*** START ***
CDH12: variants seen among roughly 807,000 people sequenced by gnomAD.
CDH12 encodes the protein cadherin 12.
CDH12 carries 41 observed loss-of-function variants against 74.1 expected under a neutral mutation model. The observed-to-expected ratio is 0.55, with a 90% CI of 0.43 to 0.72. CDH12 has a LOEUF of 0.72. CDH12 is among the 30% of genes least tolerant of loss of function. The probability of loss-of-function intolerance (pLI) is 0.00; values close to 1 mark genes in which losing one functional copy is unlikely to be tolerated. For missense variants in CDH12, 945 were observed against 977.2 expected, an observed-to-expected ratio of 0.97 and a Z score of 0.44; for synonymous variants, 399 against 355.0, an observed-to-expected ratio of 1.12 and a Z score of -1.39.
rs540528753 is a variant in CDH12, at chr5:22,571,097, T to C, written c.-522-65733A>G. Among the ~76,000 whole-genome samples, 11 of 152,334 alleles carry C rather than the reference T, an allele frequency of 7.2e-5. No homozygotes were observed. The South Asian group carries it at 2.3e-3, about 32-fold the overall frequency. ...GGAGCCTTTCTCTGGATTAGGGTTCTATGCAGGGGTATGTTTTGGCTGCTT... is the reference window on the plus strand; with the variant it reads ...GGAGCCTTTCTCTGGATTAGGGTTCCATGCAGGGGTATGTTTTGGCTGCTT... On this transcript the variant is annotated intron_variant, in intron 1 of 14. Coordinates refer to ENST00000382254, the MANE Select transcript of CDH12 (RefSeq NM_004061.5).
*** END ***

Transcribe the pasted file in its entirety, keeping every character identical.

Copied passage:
CDH12: variants seen among roughly 807,000 people sequenced by gnomAD.
CDH12 encodes the protein cadherin 12.
CDH12 carries 41 observed loss-of-function variants against 74.1 expected under a neutral mutation model. The observed-to-expected ratio is 0.55, with a 90% CI of 0.43 to 0.72. CDH12 has a LOEUF of 0.72. CDH12 is among the 30% of genes least tolerant of loss of function. The probability of loss-of-function intolerance (pLI) is 0.00; values close to 1 mark genes in which losing one functional copy is unlikely to be tolerated. For missense variants in CDH12, 945 were observed against 977.2 expected, an observed-to-expected ratio of 0.97 and a Z score of 0.44; for synonymous variants, 399 against 355.0, an observed-to-expected ratio of 1.12 and a Z score of -1.39.
rs540528753 is a variant in CDH12, at chr5:22,571,097, T to C, written c.-522-65733A>G. Among the ~76,000 whole-genome samples, 11 of 152,334 alleles carry C rather than the reference T, an allele frequency of 7.2e-5. No homozygotes were observed. The South Asian group carries it at 2.3e-3, about 32-fold the overall frequency. ...GGAGCCTTTCTCTGGATTAGGGTTCTATGCAGGGGTATGTTTTGGCTGCTT... is the reference window on the plus strand; with the variant it reads ...GGAGCCTTTCTCTGGATTAGGGTTCCATGCAGGGGTATGTTTTGGCTGCTT... On this transcript the variant is annotated intron_variant, in intron 1 of 14. Coordinates refer to ENST00000382254, the MANE Select transcript of CDH12 (RefSeq NM_004061.5).